Merci de ne PAS poster de messages concernant la vente d'un organe et comportant des coordonnées téléphoniques, e-mail, etc. La loi française interdit la vente d'organes.

Availability of organs for transplantation: a 15-year overview on organ donation in the ULB network

ULB = Université Libre de Bruxelles.

Transplantation of solid organs has become a widely performed and accepted procedure that is mainly restricted by the availability of organs. The gap between the supply of organs and the demand for transplantation is still increasing, resulting in longer waiting times and increased mortality for patients waiting for a transplant.

A retrospective analysis of donor and transplant data charts was conducted over a 15-year period in the ULB network.

From 1990 until now, 1070 potential donors were referred and 508 (47.4%) of them were used for transplantation. During the study period, the mean age of the donors increased from 35 to 48 years, the percentage of trauma as cause of cerebral death decreased from 42% to 20%, the retrieval rate for the abdominal organs (kidney, liver, pancreas) remained stable whereas for the hearts it dropped significantly.

In the ULB network, despite a changing pattern in the organ donors' profile, the availablity of abdominal organs remains constant. The situation in heart donation is alarming."

Source: Scientific Press:
Critical Care 2005 N°9 (Suppl 1) Page 252.
Authors: F Hut 1, I Senepart 2 and L De Pauw 2
1 CUB-Hôpital Erasme, Brussels, Belgium
2 CHU-Hôpital Brugmann, Brussels, Belgium,
from 25th International Symposium on Intensive Care and Emergency Medicine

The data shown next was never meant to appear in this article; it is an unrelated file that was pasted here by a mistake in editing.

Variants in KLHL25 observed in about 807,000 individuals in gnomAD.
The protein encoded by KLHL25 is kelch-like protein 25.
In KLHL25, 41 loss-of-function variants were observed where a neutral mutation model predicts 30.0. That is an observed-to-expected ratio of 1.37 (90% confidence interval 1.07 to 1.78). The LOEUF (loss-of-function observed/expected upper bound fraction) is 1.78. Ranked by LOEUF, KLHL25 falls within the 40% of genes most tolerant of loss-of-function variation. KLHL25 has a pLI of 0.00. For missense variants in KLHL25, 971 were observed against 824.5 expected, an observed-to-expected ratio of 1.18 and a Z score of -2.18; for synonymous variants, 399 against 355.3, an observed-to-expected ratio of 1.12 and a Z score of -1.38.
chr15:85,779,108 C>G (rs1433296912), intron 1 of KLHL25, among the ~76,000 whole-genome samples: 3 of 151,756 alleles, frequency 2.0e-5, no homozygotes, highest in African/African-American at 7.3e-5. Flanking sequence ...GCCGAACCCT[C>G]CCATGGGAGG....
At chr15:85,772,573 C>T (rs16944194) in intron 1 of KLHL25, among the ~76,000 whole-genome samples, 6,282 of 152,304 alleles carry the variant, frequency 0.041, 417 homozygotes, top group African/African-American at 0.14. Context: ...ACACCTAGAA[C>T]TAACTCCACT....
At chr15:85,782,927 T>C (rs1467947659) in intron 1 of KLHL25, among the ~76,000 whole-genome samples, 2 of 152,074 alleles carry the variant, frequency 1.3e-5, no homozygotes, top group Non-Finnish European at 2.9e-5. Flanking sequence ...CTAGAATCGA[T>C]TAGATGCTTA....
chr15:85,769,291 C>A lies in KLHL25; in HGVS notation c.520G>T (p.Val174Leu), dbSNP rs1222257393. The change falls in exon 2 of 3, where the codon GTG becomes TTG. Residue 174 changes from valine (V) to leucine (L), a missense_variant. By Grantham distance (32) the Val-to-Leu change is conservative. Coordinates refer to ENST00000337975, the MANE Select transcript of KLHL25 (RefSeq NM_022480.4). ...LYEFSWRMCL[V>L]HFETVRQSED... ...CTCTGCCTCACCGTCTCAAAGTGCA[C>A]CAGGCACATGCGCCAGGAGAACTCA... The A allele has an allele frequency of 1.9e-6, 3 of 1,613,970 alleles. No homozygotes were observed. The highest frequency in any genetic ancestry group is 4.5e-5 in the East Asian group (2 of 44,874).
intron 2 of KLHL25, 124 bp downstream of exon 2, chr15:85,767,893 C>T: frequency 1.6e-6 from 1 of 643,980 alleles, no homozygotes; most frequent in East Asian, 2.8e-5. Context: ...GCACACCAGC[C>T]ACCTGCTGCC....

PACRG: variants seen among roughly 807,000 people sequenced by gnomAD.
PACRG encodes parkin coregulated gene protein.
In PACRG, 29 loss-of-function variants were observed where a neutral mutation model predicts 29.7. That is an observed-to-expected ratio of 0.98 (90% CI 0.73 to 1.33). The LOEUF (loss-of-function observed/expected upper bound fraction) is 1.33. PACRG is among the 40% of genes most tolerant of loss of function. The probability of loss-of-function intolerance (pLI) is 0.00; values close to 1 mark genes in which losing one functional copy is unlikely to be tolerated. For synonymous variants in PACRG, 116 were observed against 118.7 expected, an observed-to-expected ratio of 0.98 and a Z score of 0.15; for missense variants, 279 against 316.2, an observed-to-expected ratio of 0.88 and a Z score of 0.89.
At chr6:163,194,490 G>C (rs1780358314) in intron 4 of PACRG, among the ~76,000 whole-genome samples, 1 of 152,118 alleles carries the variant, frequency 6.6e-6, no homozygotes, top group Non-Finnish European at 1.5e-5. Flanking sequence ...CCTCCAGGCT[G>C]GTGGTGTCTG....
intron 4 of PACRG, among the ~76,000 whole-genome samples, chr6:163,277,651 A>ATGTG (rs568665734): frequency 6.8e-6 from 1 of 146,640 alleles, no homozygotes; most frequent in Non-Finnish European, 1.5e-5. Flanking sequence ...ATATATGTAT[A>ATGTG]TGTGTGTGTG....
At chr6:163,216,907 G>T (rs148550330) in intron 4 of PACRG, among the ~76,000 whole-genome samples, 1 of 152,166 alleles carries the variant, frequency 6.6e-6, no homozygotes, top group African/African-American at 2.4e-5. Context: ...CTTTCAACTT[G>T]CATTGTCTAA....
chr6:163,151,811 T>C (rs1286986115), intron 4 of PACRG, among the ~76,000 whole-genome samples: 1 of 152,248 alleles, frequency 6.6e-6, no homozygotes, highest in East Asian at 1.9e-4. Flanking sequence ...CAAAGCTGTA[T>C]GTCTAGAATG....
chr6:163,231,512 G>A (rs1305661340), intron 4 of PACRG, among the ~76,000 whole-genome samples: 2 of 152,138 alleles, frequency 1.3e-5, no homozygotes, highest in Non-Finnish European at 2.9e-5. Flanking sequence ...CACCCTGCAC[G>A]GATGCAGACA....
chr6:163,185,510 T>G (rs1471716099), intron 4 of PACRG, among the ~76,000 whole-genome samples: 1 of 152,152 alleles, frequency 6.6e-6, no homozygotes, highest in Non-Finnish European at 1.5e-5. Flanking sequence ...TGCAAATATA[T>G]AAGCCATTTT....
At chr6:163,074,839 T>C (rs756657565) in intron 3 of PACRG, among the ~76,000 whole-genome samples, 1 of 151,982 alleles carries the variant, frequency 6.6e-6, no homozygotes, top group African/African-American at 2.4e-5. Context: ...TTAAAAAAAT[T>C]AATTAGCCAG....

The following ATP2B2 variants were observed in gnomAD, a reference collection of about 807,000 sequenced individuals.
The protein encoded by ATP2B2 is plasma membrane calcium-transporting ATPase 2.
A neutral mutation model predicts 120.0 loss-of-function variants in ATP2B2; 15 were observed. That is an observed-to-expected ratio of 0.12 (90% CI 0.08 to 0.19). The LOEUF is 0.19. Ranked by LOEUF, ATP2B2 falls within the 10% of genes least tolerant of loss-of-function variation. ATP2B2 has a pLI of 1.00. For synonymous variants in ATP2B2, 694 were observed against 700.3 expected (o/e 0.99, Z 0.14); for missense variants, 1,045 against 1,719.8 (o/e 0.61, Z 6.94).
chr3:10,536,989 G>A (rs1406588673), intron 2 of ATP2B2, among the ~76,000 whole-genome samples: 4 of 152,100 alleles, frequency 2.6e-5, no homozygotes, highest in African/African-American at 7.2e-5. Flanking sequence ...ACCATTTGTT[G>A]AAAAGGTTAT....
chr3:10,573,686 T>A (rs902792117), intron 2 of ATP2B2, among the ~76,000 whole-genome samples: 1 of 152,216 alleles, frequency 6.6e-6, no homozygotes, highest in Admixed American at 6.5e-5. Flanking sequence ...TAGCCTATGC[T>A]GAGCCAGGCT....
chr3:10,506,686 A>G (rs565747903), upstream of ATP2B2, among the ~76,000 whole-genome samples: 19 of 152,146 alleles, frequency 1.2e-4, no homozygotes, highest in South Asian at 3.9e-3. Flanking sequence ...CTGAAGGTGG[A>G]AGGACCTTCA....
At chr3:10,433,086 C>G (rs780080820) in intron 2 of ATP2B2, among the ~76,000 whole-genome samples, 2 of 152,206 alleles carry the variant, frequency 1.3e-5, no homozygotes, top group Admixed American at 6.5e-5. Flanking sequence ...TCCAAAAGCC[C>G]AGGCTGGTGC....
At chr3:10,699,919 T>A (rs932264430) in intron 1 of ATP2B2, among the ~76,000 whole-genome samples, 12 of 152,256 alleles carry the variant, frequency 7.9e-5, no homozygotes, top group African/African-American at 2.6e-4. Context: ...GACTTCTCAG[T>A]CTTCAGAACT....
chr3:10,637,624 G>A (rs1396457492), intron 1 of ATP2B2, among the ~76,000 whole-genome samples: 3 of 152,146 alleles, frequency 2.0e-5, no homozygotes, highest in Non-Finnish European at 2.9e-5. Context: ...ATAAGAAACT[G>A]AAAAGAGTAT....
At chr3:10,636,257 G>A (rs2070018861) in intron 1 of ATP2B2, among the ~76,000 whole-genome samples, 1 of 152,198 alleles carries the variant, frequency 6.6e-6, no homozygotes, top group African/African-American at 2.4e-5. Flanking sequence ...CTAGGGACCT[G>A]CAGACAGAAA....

Brussels, Belgium, 21–25 March 2005.

Prehospital emergency medicine and non-heart-beating donors: is there a future together?

One of the major questions for transplant coordination teams in Portugal is how to expand the donors' pool, in order to satisfy the population needs. The use of non-heart-beating donors (NHBD) could help to deal with this problem of organ shortage. In addition to difficulties with legal and ethical acceptability, there are concerns regarding medical safety, which prevent the widespread use of these donors [1].

Lisbon has an emergency medical service with a response time under 10 min and all four Prehospital Emergency Medical Teams (VMER) are able to perform all kinds of advanced life support manoeuvres in situ and during transport to hospital. We perform a retrospective study of all cardiopulmonary arrest emergency calls (112 calls) assisted by our VMER, at Hospital S Francisco Xavier, during 2003. Then, we analyse how many of these cases could have 'matched' a protocol for uncontrolled NHBD [2]; that is, patients who die outside of hospital and are transported to hospital for organ donation.

In 2003, our VMER assisted 2266 emergency calls; 13.8% (312) were cardiopulmonary arrest (CPA) cases and advanced cardiac life support was always performed. All major trauma and drowning events, as well as patients older than 55 years of age, were excluded (total of 217) from this study. Only 16.9% (16) of the remaining CPA (95) were resuscitated (less than our global average rate of 27%) and transported to the hospital with return of spontaneous circulation. A total of 79 cases resulted in patients who died outside of hospital and could have been transported to the hospital for organ donation if there were a protocol for NHBD in Portugal.

An average rate of 25% of all CPA events assisted by our VMER could have resulted in NHBD A specific protocol must be developed in the near future because non-heart beating programmes are a good option to increase the donors' pool. Current data suggest that organs and tissues obtained are of the same or better quality than those obtained from encephalic death donors [3].

1. Arias-Diaz J: Non-heart-beating donation: current state of the art.
Transplant Proc 2004, 36:1891-1893.
2. Protocol of NHBD. Madrid: Transplantation Care Unit, Hospital Clinic San Carlos.
3. Rio Gallegos F: Non heart beating donors. Successfully expanding the donor's pool. Ann. Transplant 2004, 9:19-20.

Critical Care 2005, N°9 (Suppl. 1): Page 250
Article by:
A. Lufinha 1, 2 and C. Ferreira 2, 3
1 Hospital Militar Principal, Lisbon, Portugal
2 Hospital São Francisco Xavier SA, Lisbon, Portugal
3 Hospital Curry Cabral, Lisbon, Portugal,
from 25th International Symposium on Intensive Care and Emergency Medicine
Brussels, Belgium, 21–25 March 2005.